Sowing the Seeds of Permaculture in Afghanistan

From info at The Garden at the End of the World

Australian documentary filmmaker Gary Caganoff’s latest film on Afghanistan was honoured last year with a Human Rights award from the World Association for Christian Communication (WACC), and SIGNIS (the World Catholic Association of Communication), for its rare sensitivity in the portrayal of human rights issues of ordinary people.

Caganoff (who describes himself in the film as “Jewish with Buddhist tendencies”) explains, “The film is not religious, nor is it political. It manages to fly under the radar of both and focus on basic human rights issues that aren’t being addressed by either. Rosemary, Mahboba and Mahboba’s Uncle Haji, featured in the film, are true heroes. They work with passion and humility to help the Afghani women and children re-build their lives. This award is a wonderful recognition of their inspiring work.”

Many people who have seen The Garden At The End of the World have been asking for an update on the progress of the permaculture work in Afghanistan and specifically with Australian aid organisation Mahboba’s Promise, featured in the film.

Carrying on from the end of the film, the children that were eventually housed in the horrible building that contained ‘the basement’, were moved, after a year there, to a beautiful new building built by Mahboba’s Promise on the outskirts of Kabul. Mahboba named this new building Hope House. (You can read more here). Not forgetting Uncle Haji’s original orphanage near the centre of Kabul, (which recently received a make-over) Hope House accommodates dozens more orphan children and is run by Mahboba’s brother, Sadiq.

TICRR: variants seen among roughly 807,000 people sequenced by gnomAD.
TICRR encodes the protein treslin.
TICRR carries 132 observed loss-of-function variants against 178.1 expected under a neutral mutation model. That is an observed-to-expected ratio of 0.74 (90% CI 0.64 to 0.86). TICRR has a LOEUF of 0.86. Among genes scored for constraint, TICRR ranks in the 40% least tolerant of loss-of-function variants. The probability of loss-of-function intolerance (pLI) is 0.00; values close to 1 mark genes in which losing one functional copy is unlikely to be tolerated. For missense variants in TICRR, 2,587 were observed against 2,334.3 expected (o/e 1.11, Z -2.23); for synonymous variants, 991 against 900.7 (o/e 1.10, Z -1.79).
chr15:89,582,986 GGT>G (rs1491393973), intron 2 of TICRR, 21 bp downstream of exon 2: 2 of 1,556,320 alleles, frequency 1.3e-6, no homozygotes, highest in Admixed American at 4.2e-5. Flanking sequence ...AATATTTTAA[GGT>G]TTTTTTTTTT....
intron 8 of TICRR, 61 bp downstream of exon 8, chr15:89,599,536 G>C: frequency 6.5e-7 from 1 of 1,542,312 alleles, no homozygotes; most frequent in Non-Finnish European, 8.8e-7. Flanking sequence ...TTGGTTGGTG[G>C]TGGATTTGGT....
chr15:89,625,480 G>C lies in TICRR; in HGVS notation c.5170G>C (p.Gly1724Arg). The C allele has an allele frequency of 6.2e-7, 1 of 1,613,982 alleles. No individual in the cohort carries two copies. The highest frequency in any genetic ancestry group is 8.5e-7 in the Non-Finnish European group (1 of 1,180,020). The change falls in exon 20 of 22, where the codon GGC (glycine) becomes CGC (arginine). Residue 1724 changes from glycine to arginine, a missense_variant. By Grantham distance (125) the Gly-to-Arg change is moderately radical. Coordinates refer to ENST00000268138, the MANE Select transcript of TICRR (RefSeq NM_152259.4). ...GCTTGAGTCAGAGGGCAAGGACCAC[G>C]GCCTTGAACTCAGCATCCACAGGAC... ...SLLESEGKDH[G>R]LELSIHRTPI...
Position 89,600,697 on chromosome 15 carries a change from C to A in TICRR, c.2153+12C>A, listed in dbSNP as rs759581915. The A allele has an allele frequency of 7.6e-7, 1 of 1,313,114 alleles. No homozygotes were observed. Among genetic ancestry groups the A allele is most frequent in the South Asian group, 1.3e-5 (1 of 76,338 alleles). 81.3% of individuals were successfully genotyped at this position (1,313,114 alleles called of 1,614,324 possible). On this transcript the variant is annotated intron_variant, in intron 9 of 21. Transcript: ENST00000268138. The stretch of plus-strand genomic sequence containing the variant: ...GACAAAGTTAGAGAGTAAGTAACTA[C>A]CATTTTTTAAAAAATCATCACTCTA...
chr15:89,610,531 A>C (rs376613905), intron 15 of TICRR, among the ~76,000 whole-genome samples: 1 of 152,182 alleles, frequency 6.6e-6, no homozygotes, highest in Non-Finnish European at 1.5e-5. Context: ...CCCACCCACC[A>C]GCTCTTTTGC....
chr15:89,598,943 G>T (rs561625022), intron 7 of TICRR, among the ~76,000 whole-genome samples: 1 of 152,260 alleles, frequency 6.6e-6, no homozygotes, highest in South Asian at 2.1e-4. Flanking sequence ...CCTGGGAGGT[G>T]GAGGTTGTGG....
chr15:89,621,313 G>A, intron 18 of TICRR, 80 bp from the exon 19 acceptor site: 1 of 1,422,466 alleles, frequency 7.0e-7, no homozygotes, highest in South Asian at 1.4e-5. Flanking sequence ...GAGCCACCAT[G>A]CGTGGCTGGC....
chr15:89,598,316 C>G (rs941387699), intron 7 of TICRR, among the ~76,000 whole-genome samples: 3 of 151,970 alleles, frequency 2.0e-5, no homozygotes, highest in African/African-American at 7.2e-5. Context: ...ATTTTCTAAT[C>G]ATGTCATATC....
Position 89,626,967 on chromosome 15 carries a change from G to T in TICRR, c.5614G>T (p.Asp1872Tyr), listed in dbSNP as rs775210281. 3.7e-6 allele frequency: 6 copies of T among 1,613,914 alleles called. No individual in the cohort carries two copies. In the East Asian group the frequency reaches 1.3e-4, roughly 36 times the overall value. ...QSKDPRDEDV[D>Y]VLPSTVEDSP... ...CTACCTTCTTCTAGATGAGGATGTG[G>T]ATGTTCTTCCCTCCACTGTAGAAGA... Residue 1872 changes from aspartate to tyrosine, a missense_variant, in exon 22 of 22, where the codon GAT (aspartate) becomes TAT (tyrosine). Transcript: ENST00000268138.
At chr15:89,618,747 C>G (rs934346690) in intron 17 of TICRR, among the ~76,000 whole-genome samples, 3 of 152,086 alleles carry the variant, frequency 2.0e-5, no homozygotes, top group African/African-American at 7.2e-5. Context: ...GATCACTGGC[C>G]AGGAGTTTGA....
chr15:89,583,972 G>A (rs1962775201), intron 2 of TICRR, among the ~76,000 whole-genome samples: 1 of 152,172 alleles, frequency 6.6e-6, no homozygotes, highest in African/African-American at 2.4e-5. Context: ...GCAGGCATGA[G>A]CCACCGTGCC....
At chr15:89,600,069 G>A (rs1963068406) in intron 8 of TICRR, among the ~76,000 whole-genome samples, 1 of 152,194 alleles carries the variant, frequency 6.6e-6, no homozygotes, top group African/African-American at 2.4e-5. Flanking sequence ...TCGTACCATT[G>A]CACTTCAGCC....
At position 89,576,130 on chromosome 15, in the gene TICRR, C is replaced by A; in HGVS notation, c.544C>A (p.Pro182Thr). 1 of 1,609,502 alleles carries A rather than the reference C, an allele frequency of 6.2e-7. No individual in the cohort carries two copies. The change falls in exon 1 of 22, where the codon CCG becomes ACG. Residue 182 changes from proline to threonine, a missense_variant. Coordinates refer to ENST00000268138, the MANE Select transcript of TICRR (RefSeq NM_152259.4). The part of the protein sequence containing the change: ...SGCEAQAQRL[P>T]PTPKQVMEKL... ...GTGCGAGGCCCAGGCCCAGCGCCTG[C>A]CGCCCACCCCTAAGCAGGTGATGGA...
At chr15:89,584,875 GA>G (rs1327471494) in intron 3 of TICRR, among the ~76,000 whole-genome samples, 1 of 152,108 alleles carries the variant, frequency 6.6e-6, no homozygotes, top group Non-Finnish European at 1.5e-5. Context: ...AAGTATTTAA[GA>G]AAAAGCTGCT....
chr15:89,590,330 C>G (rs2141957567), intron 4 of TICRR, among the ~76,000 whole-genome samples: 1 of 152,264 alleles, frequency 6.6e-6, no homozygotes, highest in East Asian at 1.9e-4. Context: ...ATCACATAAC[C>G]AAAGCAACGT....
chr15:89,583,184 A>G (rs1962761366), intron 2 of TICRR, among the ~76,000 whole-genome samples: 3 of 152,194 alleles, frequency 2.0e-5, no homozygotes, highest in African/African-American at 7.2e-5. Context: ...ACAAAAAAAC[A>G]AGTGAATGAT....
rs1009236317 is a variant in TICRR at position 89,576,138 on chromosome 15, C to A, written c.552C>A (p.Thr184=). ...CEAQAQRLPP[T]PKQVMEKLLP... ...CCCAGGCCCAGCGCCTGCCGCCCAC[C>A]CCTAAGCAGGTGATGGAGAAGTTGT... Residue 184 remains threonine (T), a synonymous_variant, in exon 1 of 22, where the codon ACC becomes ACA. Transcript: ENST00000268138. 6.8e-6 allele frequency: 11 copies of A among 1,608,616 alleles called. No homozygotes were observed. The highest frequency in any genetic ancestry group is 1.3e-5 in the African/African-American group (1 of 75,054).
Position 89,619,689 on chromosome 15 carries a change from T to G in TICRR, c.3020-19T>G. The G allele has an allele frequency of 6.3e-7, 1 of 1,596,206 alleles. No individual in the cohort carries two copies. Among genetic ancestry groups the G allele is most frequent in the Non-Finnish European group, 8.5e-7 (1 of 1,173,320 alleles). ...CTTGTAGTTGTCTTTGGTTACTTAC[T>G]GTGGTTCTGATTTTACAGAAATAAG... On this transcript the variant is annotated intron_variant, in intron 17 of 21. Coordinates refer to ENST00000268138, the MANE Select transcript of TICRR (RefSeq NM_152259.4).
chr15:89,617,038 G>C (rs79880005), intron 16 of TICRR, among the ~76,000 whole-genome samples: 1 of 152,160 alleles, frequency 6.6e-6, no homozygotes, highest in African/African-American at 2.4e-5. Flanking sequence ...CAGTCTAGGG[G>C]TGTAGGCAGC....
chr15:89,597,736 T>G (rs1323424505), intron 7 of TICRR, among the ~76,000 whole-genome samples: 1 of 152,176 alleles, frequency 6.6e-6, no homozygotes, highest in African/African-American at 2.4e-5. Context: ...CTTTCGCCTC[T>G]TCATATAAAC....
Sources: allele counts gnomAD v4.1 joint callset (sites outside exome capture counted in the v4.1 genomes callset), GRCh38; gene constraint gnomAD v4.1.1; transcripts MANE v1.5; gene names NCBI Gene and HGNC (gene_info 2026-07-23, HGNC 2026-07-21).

Rosemary Morrow, featured in the film, has not yet returned to Afghanistan as she had hoped, however there are others who have  continued where she left off. Invited by Mahboba, Geoff Lawton, of Permaculture Research Institute Australia visited Hope House in 2007 and helped establish the vegetable garden. Sadiq saw the benefits of permaculture’s whole-design system and undertook a permaculture design course with Geoff in Jordan in 2009. On that visit Geoff founded the Permaculture Institute of Afghanistan.

“Early in 2009 Mahboba’s Promise purchased 5 acres of land just outside Kabul for the purpose of creating a permaculture site. It will be used as a training centre for widows, orphans, school groups and the local community and ultimately farmers throughout Afghanistan. We will establish a demonstration permaculture garden, a community garden and a nursery which will produce future income for the project. The objective is for the site to be self-sustaining within 5 years.

Muslim Aid Australia has generously provided most of the funding for this project. They have also had major input into the overall concept and planning of the project. The Permaculture Research Institute of Australia has kindly helped with the site design, training and overall consultancy.

“Construction of fencing, buildings, water storage and land forming is well underway with planting to commence late in 2010.” Ref, Mahboba’s Promise.

In 2010 permaculturalist Paul (Ringo) Kean went to work for a few months at the site and produced the following 15-minute video on the progress there. (Note that the time code says it’s over 30 min, but the video repeats for some reason.)

If you want to donate to this project please got to Mahboba’s Promise website.

The DVD is available from the film’s website: http://www.TheGardenAtTheEndOfTheWorld.Info

3 responses to “Sowing the Seeds of Permaculture in Afghanistan

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  2. Recently I wrote a blog entry offering a leftist critique of the ideology of “Green” environmentalism, permaculturalism, deep ecology, eco-feminism, and lifestyle politics in general (veganism, “dumpster diving,” “buying organic,” “locavorism,” etc.). I’d be interested to hear your thoughts on the matter and any responses you might have to its criticisms.

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